LAX Pressured to Curb Wait Time; Long Lines Called Security Threat

With this summer expected to be the busiest travel season at LAX since the 2001 terrorist attacks, city officials questioned Wednesday whether airport security measures are adequate.

Despite assurances from officials with Los Angeles World Airports and the Transportation Security Administration, a City Council panel asked for more information on what will be done to shrink passenger lines and minimize any potential risks.

``Quite frankly, the TSA has raised more questions than it has answered,'' said Councilman Bill Rosendahl, whose district includes Los Angeles International Airport. ``With the summer travel season coming up, we need to know if we will be able to get passengers through the lines and safely onto their planes.''

Councilman Jack Weiss, who chairs the council's Public Safety Committee and has made homeland security one of his top issues, said he is disturbed by a letter from TSA officials minimizing the risk presented by having long lines of passengers outside terminals.

``That goes against everything we've been told by Rand (Corp.) and every other security expert,'' Weiss said. ``It makes no sense to say today that long lines of people outside terminals are no longer a security risk. We just want them to take a look at what is going on.''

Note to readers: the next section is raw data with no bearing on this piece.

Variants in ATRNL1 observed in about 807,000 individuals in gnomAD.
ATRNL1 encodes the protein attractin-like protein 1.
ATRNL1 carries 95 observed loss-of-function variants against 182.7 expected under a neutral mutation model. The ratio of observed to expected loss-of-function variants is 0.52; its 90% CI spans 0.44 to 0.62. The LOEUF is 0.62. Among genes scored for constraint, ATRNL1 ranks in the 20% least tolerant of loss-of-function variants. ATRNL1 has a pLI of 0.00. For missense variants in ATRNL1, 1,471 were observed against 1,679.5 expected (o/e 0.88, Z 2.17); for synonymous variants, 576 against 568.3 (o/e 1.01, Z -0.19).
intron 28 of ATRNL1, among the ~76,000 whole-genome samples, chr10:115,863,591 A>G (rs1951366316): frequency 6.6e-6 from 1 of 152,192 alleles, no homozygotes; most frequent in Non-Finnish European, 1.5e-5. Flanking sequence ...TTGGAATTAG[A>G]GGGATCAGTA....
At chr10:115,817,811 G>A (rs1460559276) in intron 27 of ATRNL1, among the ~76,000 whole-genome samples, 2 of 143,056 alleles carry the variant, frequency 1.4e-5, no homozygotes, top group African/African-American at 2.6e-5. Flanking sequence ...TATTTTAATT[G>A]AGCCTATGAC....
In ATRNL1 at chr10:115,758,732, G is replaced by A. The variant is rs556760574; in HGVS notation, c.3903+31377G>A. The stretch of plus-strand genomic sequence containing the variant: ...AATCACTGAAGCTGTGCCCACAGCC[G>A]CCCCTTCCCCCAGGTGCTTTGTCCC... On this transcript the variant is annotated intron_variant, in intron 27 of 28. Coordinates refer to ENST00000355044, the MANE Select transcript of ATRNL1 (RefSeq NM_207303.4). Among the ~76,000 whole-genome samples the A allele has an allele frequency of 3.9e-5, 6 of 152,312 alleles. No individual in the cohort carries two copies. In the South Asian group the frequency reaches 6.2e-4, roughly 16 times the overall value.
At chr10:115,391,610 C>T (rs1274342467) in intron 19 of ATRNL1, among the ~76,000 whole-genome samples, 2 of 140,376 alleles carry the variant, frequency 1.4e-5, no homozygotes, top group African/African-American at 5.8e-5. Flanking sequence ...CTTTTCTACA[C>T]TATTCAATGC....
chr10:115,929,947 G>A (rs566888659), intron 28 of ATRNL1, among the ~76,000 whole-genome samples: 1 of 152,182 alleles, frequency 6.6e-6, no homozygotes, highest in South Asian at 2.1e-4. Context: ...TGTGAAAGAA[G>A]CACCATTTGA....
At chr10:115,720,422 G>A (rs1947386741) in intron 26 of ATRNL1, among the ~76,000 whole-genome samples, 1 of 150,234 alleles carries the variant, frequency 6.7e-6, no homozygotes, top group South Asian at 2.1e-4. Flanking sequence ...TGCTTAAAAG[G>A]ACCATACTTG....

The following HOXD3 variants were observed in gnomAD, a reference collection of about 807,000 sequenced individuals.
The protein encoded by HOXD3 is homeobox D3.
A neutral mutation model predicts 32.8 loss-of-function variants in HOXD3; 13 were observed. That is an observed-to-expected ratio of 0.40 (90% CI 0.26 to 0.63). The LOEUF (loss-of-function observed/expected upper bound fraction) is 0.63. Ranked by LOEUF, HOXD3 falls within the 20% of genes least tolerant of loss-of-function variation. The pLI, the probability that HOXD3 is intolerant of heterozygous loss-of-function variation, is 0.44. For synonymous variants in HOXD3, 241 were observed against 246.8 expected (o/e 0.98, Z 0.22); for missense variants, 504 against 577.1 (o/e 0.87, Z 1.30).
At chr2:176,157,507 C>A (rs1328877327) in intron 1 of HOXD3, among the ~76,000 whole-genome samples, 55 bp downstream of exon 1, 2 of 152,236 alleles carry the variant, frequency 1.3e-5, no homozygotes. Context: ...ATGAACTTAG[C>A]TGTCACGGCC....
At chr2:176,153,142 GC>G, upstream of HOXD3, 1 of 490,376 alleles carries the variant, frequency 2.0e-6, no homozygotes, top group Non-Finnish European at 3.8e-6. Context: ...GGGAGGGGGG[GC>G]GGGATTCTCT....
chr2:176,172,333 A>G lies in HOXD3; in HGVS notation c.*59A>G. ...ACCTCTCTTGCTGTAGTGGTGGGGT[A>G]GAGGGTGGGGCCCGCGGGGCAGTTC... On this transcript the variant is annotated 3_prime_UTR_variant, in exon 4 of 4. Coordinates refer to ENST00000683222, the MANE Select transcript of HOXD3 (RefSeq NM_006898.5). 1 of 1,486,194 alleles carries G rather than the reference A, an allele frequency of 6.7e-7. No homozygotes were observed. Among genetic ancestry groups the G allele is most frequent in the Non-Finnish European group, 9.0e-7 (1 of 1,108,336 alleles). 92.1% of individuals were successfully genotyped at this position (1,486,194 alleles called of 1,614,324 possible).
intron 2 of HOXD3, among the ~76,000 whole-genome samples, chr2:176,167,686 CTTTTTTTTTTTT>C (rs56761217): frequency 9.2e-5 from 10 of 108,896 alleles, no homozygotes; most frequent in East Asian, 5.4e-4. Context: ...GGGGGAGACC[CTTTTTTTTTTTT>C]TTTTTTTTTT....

Paul Haney, deputy executive director at LAWA, said airport officials believe they will be able to handle the 18.7 million passengers expected to use LAX this summer.

``We spent $20 million to increase the number of screening lanes from 47 to 68 and we have the manpower to cover the lanes during the peak hours,'' Haney said. ``That is not to say there won't be lines at some times, but we think it is manageable.''

Haney said there had been a problem in training and hiring screeners, but the TSA has been assured of a steady source of funding and is prepared to hire up to 50 more screeners a month.

``One of the problems we had in the past is that we would fill jobs and then stop hiring,'' Haney said. ``Now we have a steady training and hiring program so we don't have the gaps that we used to.''

A letter from Lawrence Fetter, the federal security director at LAX, said airport safety remains a top priority for the Bush administration.

``I am confident that we will enjoy a smooth operation in the following months,'' Fetter wrote LAWA officials. ``Our wait times since the Memorial Day weekend, the traditional start of the summer travel season, have been very acceptable.

``Our average daily wait times are below six minutes and we have not spiked above 30 minutes for the highest daily peak times.''

Fetter said the TSA is developing programs it believes will further reduce the lines.

Also on Wednesday, the Los Angeles City Council went on record in appealing a decision by the Federal Aviation Administration rejecting a job-training program as part of the LAX modernization plan.

The FAA ruled that airport funds could not be used for the $3 million- a-year job-training program that was added to the modernization program to overcome community objections.

The council asked the FAA to reconsider its action as well as have LAWA officials look at developing alternative training efforts.



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